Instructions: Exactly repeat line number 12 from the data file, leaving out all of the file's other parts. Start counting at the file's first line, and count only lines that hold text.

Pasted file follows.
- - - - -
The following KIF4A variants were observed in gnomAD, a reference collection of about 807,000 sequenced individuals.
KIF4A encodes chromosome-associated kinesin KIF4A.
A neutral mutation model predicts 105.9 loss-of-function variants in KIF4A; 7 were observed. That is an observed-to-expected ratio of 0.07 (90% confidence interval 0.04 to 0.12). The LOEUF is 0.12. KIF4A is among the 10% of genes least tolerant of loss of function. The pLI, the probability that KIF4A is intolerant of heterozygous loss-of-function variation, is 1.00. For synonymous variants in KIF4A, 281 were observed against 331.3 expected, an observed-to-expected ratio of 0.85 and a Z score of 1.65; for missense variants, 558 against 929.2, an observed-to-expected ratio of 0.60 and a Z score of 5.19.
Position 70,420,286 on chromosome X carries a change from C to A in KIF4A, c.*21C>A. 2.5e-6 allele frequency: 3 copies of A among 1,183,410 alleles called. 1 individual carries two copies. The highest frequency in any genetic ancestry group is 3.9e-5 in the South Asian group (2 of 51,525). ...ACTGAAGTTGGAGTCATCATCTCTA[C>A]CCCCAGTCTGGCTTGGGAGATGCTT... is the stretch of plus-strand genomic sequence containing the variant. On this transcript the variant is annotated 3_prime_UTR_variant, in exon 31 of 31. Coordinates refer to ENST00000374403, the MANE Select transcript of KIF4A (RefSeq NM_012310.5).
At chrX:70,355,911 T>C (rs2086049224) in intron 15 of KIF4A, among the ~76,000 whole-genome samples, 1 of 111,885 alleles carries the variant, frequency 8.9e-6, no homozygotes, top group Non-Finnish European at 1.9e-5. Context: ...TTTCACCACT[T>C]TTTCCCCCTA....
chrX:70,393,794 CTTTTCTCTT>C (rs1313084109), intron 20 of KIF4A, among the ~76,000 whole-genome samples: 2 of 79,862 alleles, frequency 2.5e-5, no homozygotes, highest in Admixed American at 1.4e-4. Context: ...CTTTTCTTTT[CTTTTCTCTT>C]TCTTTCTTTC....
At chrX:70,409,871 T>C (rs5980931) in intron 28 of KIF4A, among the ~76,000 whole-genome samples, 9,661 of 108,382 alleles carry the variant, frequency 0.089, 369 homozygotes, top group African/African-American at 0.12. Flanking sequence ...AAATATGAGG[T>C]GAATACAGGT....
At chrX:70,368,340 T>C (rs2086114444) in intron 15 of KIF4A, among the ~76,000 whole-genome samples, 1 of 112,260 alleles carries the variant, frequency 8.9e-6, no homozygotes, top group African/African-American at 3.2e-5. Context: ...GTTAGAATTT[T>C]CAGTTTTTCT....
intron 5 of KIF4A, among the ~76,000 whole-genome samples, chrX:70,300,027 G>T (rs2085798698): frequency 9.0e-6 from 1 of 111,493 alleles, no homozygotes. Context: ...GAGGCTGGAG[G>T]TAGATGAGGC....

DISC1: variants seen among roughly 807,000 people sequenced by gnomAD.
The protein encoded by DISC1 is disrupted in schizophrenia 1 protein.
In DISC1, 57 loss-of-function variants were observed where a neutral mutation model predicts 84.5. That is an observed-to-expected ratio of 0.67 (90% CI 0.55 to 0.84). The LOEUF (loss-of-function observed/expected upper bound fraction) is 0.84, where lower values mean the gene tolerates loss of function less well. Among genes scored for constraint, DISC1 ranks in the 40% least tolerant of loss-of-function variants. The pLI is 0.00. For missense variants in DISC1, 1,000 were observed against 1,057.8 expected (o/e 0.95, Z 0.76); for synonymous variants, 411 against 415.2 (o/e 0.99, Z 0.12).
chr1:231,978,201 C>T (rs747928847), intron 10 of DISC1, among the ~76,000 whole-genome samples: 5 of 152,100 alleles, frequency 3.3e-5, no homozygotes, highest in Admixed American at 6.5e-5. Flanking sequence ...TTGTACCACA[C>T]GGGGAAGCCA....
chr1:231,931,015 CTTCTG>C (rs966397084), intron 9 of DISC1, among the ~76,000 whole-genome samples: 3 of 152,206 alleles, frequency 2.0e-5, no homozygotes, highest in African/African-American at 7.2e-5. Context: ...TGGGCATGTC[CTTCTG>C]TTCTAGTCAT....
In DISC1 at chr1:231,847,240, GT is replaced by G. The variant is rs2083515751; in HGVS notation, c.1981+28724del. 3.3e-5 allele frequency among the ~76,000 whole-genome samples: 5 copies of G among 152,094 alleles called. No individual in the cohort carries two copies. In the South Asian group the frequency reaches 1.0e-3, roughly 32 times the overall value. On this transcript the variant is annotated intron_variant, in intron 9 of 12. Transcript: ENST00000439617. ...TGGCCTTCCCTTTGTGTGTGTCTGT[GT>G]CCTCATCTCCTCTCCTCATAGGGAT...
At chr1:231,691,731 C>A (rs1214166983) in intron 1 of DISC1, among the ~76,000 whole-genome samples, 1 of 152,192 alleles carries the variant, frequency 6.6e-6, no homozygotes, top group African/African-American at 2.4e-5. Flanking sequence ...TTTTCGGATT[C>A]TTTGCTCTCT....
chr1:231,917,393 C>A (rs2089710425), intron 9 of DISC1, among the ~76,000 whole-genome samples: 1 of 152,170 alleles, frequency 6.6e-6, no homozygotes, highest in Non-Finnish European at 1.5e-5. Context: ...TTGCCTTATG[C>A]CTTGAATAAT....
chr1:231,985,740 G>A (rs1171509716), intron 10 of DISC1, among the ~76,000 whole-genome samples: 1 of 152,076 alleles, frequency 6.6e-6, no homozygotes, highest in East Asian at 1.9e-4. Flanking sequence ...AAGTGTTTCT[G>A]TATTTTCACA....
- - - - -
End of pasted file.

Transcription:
In DISC1, 57 loss-of-function variants were observed where a neutral mutation model predicts 84.5. That is an observed-to-expected ratio of 0.67 (90% CI 0.55 to 0.84). The LOEUF (loss-of-function observed/expected upper bound fraction) is 0.84, where lower values mean the gene tolerates loss of function less well. Among genes scored for constraint, DISC1 ranks in the 40% least tolerant of loss-of-function variants. The pLI is 0.00. For missense variants in DISC1, 1,000 were observed against 1,057.8 expected (o/e 0.95, Z 0.76); for synonymous variants, 411 against 415.2 (o/e 0.99, Z 0.12).